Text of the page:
Visor and clipI saved the best for last.  The least expensive and most helpful tool for conquering the Vision Superpower is this visor from Scala.  Wow – this thing blocks light in EXACTLY the way that I need it to.  It is much much more effective than any hat or visor I have tried yet.  The band is very soft so that I don’t initiate any head-squeezing-migraine-coming-on kind of feeling. I find myself wearing this……..all……………long……..sometimes, because it blocks the direct light from bulbs overhead without preventing me from having enough light on my tasks.  My recommendations are to purchase the navy blue so that you don’t have reflection from a lighter color and to remove the “lovely” bow that is attached to the back by a few simple stitches:)


Protein Bars

Protein Bars

I’m having a great reduction in the frequency of my migraines since my diet changes, and I’m starting to add some of the foods back in.  The first I’m trying is almonds (but no other nuts).  I actually have seen conflicting information regarding almonds.  Nuts are considered migraine triggers, but almonds are sometimes recommended to migraine sufferers because of the magnesium in them.  I’m not having trouble eating them in moderate amounts, so I’m exploring recipes.  Here is one of my favorites.

I am overjoyed to be able to make protein bars like these.  Our other migraineur is still not able to eat any nuts, but she is able to eat Sunbutter.  So, we still make these for her, but just do the replacement.  Adding small amounts of almond butter into my diet has opened up many recipe options.  For me, it is totally worth giving up so many other foods so that I am able to reintroduce this migraine trigger without pain:)

The original inspiration for this recipe didn’t include any other migraine triggers, but we did make some changes that suit our family better.  As noted earlier, too much chia just doesn’t work well with my “insides”.  The addition of hemp hearts boosts the nutritional value as outlined here.  So, we worked with hemp hearts, chia, and flax to get a better combination for us.  Finally, we included the option of using Sunbutter in the same amount as almond butter to suit individual needs.

Now, we have a great travel option that can be stored at room temperature for short time periods, frozen, or refrigerated:)

Protein Bars

Protein Bars1/2 cup dry quinoa
2 Tbsp. chia seeds
1/4 cup hemp hearts
1/4 cup milled flax seeds
1 cup rolled oats
1/4 tsp. sea salt
1 tsp. cinnamon
1/2 cup raw almonds, coarsely chopped (about 50 almonds)
2 Tbsp. honey
1/4 cup brown rice syrup
1/2 cup almond butter (or Sunbutter)

  1. In a large bowl, combine all dry ingredients.
  2. In a small, microwave-safe dish, combine honey, brown rice syrup, and almond butter (or Sunbutter).  Microwave for 20 seconds to soften.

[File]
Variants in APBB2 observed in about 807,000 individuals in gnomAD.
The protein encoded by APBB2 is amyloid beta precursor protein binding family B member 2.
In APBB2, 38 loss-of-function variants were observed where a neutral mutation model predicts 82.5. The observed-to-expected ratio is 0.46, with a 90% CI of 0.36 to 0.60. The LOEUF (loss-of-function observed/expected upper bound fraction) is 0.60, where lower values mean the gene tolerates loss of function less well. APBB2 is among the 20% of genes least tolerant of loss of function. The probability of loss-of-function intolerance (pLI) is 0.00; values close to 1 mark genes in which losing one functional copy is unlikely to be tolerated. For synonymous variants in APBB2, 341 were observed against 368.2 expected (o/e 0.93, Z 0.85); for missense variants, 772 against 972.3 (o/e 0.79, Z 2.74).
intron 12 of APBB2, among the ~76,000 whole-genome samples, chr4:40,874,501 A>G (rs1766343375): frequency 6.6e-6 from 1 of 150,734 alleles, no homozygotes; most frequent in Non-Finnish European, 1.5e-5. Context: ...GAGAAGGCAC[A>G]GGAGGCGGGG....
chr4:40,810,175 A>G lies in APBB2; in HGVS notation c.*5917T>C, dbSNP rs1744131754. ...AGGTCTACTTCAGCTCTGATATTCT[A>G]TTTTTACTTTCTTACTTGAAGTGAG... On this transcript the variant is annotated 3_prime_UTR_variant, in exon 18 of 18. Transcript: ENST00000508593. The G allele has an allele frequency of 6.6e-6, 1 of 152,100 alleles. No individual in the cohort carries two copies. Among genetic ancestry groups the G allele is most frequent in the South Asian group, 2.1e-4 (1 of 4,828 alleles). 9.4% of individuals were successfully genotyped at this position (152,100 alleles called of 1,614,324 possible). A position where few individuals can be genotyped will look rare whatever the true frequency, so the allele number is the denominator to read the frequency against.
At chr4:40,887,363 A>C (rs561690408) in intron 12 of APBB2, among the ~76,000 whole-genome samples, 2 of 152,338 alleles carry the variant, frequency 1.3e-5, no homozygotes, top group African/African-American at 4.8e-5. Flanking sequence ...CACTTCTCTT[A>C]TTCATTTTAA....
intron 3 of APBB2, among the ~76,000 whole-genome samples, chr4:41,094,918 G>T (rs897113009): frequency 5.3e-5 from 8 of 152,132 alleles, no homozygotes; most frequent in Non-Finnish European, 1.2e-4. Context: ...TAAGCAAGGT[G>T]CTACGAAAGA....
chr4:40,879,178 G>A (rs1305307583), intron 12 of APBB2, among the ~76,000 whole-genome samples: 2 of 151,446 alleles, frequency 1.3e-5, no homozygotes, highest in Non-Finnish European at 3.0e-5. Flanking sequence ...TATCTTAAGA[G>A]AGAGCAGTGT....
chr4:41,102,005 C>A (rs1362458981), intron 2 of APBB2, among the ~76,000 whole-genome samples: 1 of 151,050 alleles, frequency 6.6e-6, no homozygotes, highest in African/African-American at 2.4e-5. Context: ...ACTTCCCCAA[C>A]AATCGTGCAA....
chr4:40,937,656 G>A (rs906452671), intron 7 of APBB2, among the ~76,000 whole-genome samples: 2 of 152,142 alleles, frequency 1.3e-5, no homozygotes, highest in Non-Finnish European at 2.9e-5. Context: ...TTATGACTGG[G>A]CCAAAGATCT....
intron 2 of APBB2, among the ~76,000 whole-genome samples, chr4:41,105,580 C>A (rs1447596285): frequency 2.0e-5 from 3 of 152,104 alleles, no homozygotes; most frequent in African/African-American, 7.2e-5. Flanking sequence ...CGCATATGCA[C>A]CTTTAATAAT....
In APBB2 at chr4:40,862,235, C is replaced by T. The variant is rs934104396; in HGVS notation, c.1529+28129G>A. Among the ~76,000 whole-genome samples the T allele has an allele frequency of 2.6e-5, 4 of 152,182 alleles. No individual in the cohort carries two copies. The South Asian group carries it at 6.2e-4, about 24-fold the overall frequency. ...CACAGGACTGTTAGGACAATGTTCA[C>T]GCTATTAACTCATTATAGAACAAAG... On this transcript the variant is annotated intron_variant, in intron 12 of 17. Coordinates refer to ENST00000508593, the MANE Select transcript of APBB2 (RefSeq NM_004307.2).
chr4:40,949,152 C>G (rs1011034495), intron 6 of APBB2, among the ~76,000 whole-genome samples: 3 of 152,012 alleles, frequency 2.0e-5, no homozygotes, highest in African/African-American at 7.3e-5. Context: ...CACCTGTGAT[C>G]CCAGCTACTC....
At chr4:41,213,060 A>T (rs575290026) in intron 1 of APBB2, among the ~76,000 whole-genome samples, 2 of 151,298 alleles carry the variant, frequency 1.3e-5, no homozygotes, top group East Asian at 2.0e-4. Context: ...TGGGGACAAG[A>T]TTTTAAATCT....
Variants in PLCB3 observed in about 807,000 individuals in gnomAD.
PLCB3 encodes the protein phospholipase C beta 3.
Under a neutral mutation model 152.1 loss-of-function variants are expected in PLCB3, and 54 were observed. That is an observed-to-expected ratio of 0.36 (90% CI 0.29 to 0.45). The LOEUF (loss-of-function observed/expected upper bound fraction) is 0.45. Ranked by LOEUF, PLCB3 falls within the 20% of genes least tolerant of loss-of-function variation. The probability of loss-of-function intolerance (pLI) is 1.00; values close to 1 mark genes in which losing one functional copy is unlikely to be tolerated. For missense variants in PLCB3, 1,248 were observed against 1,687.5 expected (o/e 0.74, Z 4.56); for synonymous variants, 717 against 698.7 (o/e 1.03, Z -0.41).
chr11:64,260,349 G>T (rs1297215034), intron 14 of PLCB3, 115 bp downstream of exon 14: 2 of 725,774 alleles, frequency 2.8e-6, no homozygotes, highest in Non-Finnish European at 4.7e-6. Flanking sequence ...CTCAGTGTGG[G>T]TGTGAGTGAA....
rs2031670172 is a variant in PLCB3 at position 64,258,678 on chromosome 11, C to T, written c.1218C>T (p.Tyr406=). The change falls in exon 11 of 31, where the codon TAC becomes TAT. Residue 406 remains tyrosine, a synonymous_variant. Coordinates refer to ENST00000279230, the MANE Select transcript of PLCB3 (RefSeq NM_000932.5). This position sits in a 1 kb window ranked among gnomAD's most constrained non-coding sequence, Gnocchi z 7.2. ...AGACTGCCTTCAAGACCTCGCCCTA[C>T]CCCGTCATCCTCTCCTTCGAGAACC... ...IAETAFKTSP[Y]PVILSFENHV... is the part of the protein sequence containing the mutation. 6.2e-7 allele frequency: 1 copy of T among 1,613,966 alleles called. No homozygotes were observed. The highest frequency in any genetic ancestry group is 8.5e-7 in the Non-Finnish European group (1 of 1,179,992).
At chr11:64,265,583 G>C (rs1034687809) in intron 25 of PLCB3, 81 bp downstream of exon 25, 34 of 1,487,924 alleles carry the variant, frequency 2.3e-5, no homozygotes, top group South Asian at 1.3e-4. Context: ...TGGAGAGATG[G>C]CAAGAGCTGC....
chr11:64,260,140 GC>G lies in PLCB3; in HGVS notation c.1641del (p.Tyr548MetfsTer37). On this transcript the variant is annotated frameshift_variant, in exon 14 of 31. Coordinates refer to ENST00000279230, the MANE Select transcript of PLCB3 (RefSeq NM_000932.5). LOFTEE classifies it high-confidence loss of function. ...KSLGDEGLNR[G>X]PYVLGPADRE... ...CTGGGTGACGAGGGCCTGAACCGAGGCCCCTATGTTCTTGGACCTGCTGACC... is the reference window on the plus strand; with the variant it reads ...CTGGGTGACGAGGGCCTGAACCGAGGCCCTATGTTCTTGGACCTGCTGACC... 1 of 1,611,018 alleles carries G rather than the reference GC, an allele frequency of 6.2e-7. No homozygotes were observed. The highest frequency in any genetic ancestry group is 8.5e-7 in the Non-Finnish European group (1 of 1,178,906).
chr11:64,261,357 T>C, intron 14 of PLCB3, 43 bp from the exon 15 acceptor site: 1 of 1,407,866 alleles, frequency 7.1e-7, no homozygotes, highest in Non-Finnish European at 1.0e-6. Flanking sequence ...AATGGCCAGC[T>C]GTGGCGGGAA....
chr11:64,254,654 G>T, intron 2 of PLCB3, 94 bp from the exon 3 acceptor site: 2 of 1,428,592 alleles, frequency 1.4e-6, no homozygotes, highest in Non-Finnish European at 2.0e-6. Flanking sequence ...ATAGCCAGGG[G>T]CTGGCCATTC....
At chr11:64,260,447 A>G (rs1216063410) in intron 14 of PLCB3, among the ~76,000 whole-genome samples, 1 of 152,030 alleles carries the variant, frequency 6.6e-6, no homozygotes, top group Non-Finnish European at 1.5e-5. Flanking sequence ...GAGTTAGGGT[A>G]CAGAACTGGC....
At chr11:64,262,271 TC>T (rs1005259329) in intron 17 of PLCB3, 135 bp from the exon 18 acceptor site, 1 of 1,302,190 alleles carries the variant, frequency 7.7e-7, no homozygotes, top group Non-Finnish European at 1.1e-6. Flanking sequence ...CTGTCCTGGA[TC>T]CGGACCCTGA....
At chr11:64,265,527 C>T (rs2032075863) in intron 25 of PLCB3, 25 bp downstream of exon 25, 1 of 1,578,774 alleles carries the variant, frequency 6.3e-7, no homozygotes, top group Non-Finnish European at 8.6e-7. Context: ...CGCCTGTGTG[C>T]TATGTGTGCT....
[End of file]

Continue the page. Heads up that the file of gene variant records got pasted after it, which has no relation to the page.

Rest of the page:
3. Pour the wet ingredients over the dry ingredients and stir to thoroughly mix.
  4. Transfer to a parchment lined 8 x 8 baking dish.  Press into an even layer with fingers.
  5. Bake at 350 degrees for 15 minutes.
  6. Allow to cool.
  7. Cut into 8 or 16 bars as desired.
  8. Cut parchment used for baking into pieces to wrap around each bar and refrigerate or freeze.




Spicy Chicken with Mango Salad and Coconut Rice

Spicy Chicken with Mango and Rice

I have a new favorite dish!  I found this one here and modified it to remove migraine triggers.  I also turned down the heat so that each family member would be satisfied.  Anyone wanting more spice can simply add more cayenne pepper to the chicken.  My favorite part of the recipe is how all three parts work together like it is all one dish.  I hope you enjoy it as much as I do:)

Spicy Chicken with Mango Salad and Coconut Rice

Spicy Chicken with Mango and Rice

2 chicken breasts|
¼ cup olive oil
1 tsp. garlic powder
1/8 tsp. cayenne pepper (or more as desired)
1 tsp. basil
1 tsp. oregano
1 tsp. garam masala
2 Tbsp. brown sugar

1 cup brown or wild rice
2 cups coconut milk
¼ cup unsweetened shredded coconut

1 large mango, peeled and chopped
¼ cup red bell pepper, chopped
1 cup corn|
¼ tsp. cilantro
¼ tsp. garlic powder
1/8 tsp. red pepper flakes

  1. Combine salad ingredients and cool in the refrigerator.
  2. Combine marinade ingredients and pour over thawed chicken breasts in a glass baking dish.  Cover and allow to sit in the refrigerator for a minimum of 3 hours.
  3. Bake chicken until internal temperature reaches 165 degrees (about 1 hour).
  4. Cook rice and coconut in the coconut milk until liquid has been absorbed (30 to 45 minutes).

Zucchini Patties

Zucchini Quinoa Patties

It’s that time of year when zucchini is plentiful, and I have several recipes to share which will use it all.  This first one is a twist on a traditional recipe.  The twist is that quinoa is included to add a protein boost.  This recipe is best with fresh zucchini, but the others are great with fresh or frozen zucchini.  I will explain how I freeze it with the next zucchini post.

The original inspiration for these patties included several migraine triggers which I have removed/replaced.  We like these patties best when served as a side dish.

UPDATE:  When I posted this on Friday, I included the wrong amounts for the quinoa and water.  It is now correct.  I hope this didn’t create a problem for anyone trying the recipe!

Zucchini Patties

Zucchini Quinoa Patties

1/4c. quinoa, rinsed
1/2 c. water
1 1/2 c. grated zucchini
1/4 c. rice flour
1/4 t. baking powder
1/4 t. salt
1 t. oregano
1/8 t. garlic powder
black pepper
2 to 4 Tbsp. coconut oil

  1. Cook quinoa in the water.